Friday, May 17, 2013

Up or Down?

Thursday, July 22, 2010




















My sister came to visit this past weekend. We were all having a great time and enjoying each other’s company on Sunday evening, but I knew that Eliah was not feeling well. He was starting to get a fever around 7pm, so I knew to watch for a seizure. I was trying desperately to keep him engaged and focused on something. He was wincing in pain, which I took to mean his stomach hurt, and he suddenly looked at my computer (as if watching a video), and I knew. That was when I told everyone he was having a seizure.

Chaos ensued as Kelley ran to get the oxygen and dressing supplies for Eliah’s port. Suddenly, Eliah vomited everywhere, and we tried to clean it, access his port, put the oxygen on him, and call EMS for an ambulance all at once. I’m sure we made a great impression to the new neighborhood (we bought a house finally) when the fire truck and ambulance made their appearance on our small cul-de-sac. As I carried Eliah to the ambulance, I noticed a small crowd of neighborhood children on the corner, wondering what was going on.

I spent the next fifteen minutes in the ambulance answering the same questions and requesting the same procedures to be followed. The Neurologist has indicated that due to Eliah’s history with certain medications, we are to treat his seizures with Phenobarbital. It must be done in the ER, and it must be done within 30 minutes of the onset of a seizure. Any longer, and the seizure could damage his brain. So I am sitting in the ambulance, as the EMS tech is on the phone with the ER, explaining that they need to get the Phenobarb ready. 

We got to the ER and people flooded the room as Eliah laid on the table convulsing (see video). Finally, after fighting with the doctor to only treat with Phenobarb, she agrees. It has now been an hour since Eliah’s seizure started. As the doctor figures out the dosage, I suggest that she only try a half dose because of his blood pressure being erratic. She sneered, but agreed. The nurse slowly pushed the half-dose of medicine into Eliah’s port. (Side note: this medication is only to be administered over a 20-30 minute drip) Meanwhile, a new nurse was attempting to give him an IV, of which he does not need because he has a PORT. And another nurse was drawing labs from his port, but got the blood clotted in the line.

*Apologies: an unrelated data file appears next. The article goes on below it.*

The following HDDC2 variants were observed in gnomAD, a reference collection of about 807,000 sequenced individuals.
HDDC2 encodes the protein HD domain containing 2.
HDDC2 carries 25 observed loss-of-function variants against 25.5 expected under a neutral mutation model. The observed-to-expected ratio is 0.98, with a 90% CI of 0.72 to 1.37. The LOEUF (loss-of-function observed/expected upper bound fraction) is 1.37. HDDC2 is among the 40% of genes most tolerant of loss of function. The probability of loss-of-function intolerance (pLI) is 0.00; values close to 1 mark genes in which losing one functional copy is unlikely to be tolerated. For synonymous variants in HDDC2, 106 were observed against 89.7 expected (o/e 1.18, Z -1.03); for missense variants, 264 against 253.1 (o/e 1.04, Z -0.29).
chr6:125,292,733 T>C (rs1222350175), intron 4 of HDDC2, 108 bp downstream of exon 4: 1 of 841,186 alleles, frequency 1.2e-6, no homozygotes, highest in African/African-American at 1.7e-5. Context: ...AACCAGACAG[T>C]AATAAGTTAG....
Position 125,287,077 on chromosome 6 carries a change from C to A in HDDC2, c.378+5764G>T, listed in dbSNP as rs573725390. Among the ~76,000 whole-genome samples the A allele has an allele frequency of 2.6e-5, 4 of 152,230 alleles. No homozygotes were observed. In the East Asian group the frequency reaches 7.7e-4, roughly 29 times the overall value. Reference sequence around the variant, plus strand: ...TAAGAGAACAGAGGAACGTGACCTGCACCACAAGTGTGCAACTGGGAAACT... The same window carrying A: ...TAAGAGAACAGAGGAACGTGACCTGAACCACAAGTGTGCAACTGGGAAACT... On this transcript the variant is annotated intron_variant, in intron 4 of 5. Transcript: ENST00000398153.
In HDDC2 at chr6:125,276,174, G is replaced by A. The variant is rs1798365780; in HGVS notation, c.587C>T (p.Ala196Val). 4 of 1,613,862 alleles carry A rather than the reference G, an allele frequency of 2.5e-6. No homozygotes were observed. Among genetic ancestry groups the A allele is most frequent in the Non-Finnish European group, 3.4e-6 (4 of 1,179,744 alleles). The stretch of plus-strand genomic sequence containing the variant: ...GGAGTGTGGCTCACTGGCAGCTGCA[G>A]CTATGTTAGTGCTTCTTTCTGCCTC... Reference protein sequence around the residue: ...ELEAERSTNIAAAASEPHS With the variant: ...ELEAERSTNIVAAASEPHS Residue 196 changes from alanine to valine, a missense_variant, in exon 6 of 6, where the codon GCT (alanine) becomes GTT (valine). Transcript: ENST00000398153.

As quickly as it started, Eliah’s body went limp and the seizure stopped…..but so did his breathing. The doctor put the bag on Eliah’s mouth and began breathing for him. My heart stopped. 

More people filled the room, calls to the PICU (intensive care unit) and repertory began. I was frantically trying to re-access his port and keep Kelley updated through Facebook, since he was still at home with my sister and our daughters. Amongst the frenzy of activity, I looked up and it was so surreal. I thought to myself, “Is this it? Is this the time Eliah doesn’t make it?” There was nothing I could do but watch, with one of the nurse’s arms around me, I held my breath. 

Thirty minutes went by, the doctor squeezing the bag, filling Eliah’s lungs with oxygen, until finally Eliah gasped. He coughed and we all let out a sigh of relief. He was going to be alright.

We spent the rest night and the next day in Intensive care; watching his fever go to 105, then back down, without really discovering why. Within 24 hours, we were home and he was back to himself. I went back to entertaining my sister, and all was back to normal. Natalie even turned six amidst the drama.

The only difference today is that Eliah has taken about five more years off my life. It will not be long before the lines on my face tell the cumulative story of all we have been through. I carry every single moment of Eliah’s life in my mind and heart, and there is not a day that goes by that I am not thankful to see his smile one more time.

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